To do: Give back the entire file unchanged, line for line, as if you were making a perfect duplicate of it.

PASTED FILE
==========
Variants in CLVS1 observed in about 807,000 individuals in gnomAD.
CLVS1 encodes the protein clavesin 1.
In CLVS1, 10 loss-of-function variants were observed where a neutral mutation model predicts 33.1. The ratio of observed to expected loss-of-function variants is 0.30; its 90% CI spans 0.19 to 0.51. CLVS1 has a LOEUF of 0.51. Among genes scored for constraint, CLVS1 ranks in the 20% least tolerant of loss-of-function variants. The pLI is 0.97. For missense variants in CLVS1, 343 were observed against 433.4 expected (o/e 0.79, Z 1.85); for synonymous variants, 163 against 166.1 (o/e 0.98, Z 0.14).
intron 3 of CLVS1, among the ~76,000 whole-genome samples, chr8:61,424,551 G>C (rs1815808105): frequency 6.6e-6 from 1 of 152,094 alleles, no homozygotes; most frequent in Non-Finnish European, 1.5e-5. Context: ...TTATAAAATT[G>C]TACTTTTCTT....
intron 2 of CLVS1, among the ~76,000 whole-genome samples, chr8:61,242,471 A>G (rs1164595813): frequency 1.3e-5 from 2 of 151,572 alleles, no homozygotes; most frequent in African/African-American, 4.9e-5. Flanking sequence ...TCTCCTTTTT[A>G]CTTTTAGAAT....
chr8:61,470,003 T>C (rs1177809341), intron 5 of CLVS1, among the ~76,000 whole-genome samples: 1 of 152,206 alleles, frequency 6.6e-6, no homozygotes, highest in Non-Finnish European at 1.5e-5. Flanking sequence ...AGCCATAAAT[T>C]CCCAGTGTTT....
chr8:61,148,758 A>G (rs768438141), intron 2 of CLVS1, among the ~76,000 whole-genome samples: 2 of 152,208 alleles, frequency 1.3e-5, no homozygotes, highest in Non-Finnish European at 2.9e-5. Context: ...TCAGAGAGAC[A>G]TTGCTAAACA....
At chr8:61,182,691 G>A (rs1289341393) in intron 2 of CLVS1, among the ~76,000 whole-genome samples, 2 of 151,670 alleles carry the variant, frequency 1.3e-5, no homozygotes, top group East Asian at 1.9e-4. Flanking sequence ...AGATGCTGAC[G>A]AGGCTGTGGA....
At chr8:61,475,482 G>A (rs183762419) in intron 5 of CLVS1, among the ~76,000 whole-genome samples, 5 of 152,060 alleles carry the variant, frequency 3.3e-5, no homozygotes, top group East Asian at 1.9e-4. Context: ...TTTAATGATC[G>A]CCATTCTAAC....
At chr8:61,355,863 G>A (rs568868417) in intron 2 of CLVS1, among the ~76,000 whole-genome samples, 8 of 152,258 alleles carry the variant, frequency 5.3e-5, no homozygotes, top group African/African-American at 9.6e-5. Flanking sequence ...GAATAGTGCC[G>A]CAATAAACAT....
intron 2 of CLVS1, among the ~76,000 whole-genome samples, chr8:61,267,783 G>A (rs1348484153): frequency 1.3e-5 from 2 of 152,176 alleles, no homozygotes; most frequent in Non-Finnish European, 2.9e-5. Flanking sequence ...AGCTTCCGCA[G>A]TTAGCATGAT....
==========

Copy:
Variants in CLVS1 observed in about 807,000 individuals in gnomAD.
CLVS1 encodes the protein clavesin 1.
In CLVS1, 10 loss-of-function variants were observed where a neutral mutation model predicts 33.1. The ratio of observed to expected loss-of-function variants is 0.30; its 90% CI spans 0.19 to 0.51. CLVS1 has a LOEUF of 0.51. Among genes scored for constraint, CLVS1 ranks in the 20% least tolerant of loss-of-function variants. The pLI is 0.97. For missense variants in CLVS1, 343 were observed against 433.4 expected (o/e 0.79, Z 1.85); for synonymous variants, 163 against 166.1 (o/e 0.98, Z 0.14).
intron 3 of CLVS1, among the ~76,000 whole-genome samples, chr8:61,424,551 G>C (rs1815808105): frequency 6.6e-6 from 1 of 152,094 alleles, no homozygotes; most frequent in Non-Finnish European, 1.5e-5. Context: ...TTATAAAATT[G>C]TACTTTTCTT....
intron 2 of CLVS1, among the ~76,000 whole-genome samples, chr8:61,242,471 A>G (rs1164595813): frequency 1.3e-5 from 2 of 151,572 alleles, no homozygotes; most frequent in African/African-American, 4.9e-5. Flanking sequence ...TCTCCTTTTT[A>G]CTTTTAGAAT....
chr8:61,470,003 T>C (rs1177809341), intron 5 of CLVS1, among the ~76,000 whole-genome samples: 1 of 152,206 alleles, frequency 6.6e-6, no homozygotes, highest in Non-Finnish European at 1.5e-5. Flanking sequence ...AGCCATAAAT[T>C]CCCAGTGTTT....
chr8:61,148,758 A>G (rs768438141), intron 2 of CLVS1, among the ~76,000 whole-genome samples: 2 of 152,208 alleles, frequency 1.3e-5, no homozygotes, highest in Non-Finnish European at 2.9e-5. Context: ...TCAGAGAGAC[A>G]TTGCTAAACA....
At chr8:61,182,691 G>A (rs1289341393) in intron 2 of CLVS1, among the ~76,000 whole-genome samples, 2 of 151,670 alleles carry the variant, frequency 1.3e-5, no homozygotes, top group East Asian at 1.9e-4. Flanking sequence ...AGATGCTGAC[G>A]AGGCTGTGGA....
At chr8:61,475,482 G>A (rs183762419) in intron 5 of CLVS1, among the ~76,000 whole-genome samples, 5 of 152,060 alleles carry the variant, frequency 3.3e-5, no homozygotes, top group East Asian at 1.9e-4. Context: ...TTTAATGATC[G>A]CCATTCTAAC....
At chr8:61,355,863 G>A (rs568868417) in intron 2 of CLVS1, among the ~76,000 whole-genome samples, 8 of 152,258 alleles carry the variant, frequency 5.3e-5, no homozygotes, top group African/African-American at 9.6e-5. Flanking sequence ...GAATAGTGCC[G>A]CAATAAACAT....
intron 2 of CLVS1, among the ~76,000 whole-genome samples, chr8:61,267,783 G>A (rs1348484153): frequency 1.3e-5 from 2 of 152,176 alleles, no homozygotes; most frequent in Non-Finnish European, 2.9e-5. Flanking sequence ...AGCTTCCGCA[G>A]TTAGCATGAT....